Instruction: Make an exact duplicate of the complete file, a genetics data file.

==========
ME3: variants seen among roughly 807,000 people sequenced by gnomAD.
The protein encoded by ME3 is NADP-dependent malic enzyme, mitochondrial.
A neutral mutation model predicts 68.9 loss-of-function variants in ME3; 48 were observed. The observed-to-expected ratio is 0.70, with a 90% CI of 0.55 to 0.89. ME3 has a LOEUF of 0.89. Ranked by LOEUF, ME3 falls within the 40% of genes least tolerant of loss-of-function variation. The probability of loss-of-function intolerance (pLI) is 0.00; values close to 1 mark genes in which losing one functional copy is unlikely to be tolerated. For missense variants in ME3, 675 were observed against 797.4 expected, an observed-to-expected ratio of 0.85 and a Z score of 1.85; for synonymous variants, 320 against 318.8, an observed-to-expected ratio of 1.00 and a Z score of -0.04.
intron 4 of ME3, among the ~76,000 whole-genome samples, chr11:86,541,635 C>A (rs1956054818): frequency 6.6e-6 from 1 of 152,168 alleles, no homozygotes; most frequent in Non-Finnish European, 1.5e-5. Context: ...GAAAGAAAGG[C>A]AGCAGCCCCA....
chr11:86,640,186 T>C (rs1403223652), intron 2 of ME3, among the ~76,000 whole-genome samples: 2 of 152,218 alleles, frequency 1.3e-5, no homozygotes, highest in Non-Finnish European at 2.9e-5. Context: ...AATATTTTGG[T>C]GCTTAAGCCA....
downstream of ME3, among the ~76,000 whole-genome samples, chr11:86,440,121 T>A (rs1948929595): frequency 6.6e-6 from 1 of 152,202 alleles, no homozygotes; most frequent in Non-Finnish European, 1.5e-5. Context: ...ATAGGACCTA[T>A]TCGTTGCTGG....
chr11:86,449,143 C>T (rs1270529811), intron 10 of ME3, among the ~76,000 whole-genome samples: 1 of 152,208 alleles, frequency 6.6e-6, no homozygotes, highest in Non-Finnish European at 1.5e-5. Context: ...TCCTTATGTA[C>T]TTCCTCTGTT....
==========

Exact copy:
ME3: variants seen among roughly 807,000 people sequenced by gnomAD.
The protein encoded by ME3 is NADP-dependent malic enzyme, mitochondrial.
A neutral mutation model predicts 68.9 loss-of-function variants in ME3; 48 were observed. The observed-to-expected ratio is 0.70, with a 90% CI of 0.55 to 0.89. ME3 has a LOEUF of 0.89. Ranked by LOEUF, ME3 falls within the 40% of genes least tolerant of loss-of-function variation. The probability of loss-of-function intolerance (pLI) is 0.00; values close to 1 mark genes in which losing one functional copy is unlikely to be tolerated. For missense variants in ME3, 675 were observed against 797.4 expected, an observed-to-expected ratio of 0.85 and a Z score of 1.85; for synonymous variants, 320 against 318.8, an observed-to-expected ratio of 1.00 and a Z score of -0.04.
intron 4 of ME3, among the ~76,000 whole-genome samples, chr11:86,541,635 C>A (rs1956054818): frequency 6.6e-6 from 1 of 152,168 alleles, no homozygotes; most frequent in Non-Finnish European, 1.5e-5. Context: ...GAAAGAAAGG[C>A]AGCAGCCCCA....
chr11:86,640,186 T>C (rs1403223652), intron 2 of ME3, among the ~76,000 whole-genome samples: 2 of 152,218 alleles, frequency 1.3e-5, no homozygotes, highest in Non-Finnish European at 2.9e-5. Context: ...AATATTTTGG[T>C]GCTTAAGCCA....
downstream of ME3, among the ~76,000 whole-genome samples, chr11:86,440,121 T>A (rs1948929595): frequency 6.6e-6 from 1 of 152,202 alleles, no homozygotes; most frequent in Non-Finnish European, 1.5e-5. Context: ...ATAGGACCTA[T>A]TCGTTGCTGG....
chr11:86,449,143 C>T (rs1270529811), intron 10 of ME3, among the ~76,000 whole-genome samples: 1 of 152,208 alleles, frequency 6.6e-6, no homozygotes, highest in Non-Finnish European at 1.5e-5. Context: ...TCCTTATGTA[C>T]TTCCTCTGTT....